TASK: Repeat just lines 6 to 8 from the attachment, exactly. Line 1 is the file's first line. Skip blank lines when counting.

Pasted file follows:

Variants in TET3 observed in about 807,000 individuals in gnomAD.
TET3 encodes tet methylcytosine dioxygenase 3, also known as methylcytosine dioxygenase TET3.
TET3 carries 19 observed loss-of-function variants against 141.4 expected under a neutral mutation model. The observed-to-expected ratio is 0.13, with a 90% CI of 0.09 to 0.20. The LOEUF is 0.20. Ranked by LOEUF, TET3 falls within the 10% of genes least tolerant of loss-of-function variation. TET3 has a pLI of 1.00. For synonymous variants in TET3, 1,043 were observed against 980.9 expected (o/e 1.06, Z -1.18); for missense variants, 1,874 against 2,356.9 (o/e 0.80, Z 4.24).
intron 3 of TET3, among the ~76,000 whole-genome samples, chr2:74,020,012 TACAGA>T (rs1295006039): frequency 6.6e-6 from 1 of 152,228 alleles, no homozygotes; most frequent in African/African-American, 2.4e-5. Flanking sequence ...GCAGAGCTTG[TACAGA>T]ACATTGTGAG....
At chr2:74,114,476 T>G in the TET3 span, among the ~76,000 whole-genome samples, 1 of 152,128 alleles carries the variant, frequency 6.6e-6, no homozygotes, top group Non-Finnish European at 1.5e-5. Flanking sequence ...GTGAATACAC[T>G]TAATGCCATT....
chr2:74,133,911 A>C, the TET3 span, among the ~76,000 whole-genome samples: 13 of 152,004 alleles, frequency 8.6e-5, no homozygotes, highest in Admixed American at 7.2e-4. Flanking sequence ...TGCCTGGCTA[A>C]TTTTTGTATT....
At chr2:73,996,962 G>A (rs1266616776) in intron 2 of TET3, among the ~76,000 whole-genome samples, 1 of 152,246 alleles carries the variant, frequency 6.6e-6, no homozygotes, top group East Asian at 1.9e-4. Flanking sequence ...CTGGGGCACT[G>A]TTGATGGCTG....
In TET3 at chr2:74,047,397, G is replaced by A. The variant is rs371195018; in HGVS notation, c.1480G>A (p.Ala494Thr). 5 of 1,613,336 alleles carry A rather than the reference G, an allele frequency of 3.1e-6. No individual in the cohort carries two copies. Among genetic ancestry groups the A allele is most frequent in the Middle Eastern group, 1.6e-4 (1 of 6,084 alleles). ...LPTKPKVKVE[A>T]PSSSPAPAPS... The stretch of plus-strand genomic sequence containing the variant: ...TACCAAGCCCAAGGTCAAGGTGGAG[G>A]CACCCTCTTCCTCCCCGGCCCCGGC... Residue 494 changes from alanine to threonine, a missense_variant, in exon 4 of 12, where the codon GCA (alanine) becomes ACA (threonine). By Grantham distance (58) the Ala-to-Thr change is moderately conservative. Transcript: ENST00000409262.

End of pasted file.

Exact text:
chr2:74,133,911 A>C, the TET3 span, among the ~76,000 whole-genome samples: 13 of 152,004 alleles, frequency 8.6e-5, no homozygotes, highest in Admixed American at 7.2e-4. Flanking sequence ...TGCCTGGCTA[A>C]TTTTTGTATT....
At chr2:73,996,962 G>A (rs1266616776) in intron 2 of TET3, among the ~76,000 whole-genome samples, 1 of 152,246 alleles carries the variant, frequency 6.6e-6, no homozygotes, top group East Asian at 1.9e-4. Flanking sequence ...CTGGGGCACT[G>A]TTGATGGCTG....
In TET3 at chr2:74,047,397, G is replaced by A. The variant is rs371195018; in HGVS notation, c.1480G>A (p.Ala494Thr). 5 of 1,613,336 alleles carry A rather than the reference G, an allele frequency of 3.1e-6. No individual in the cohort carries two copies. Among genetic ancestry groups the A allele is most frequent in the Middle Eastern group, 1.6e-4 (1 of 6,084 alleles). ...LPTKPKVKVE[A>T]PSSSPAPAPS... The stretch of plus-strand genomic sequence containing the variant: ...TACCAAGCCCAAGGTCAAGGTGGAG[G>A]CACCCTCTTCCTCCCCGGCCCCGGC... Residue 494 changes from alanine to threonine, a missense_variant, in exon 4 of 12, where the codon GCA (alanine) becomes ACA (threonine). By Grantham distance (58) the Ala-to-Thr change is moderately conservative. Transcript: ENST00000409262.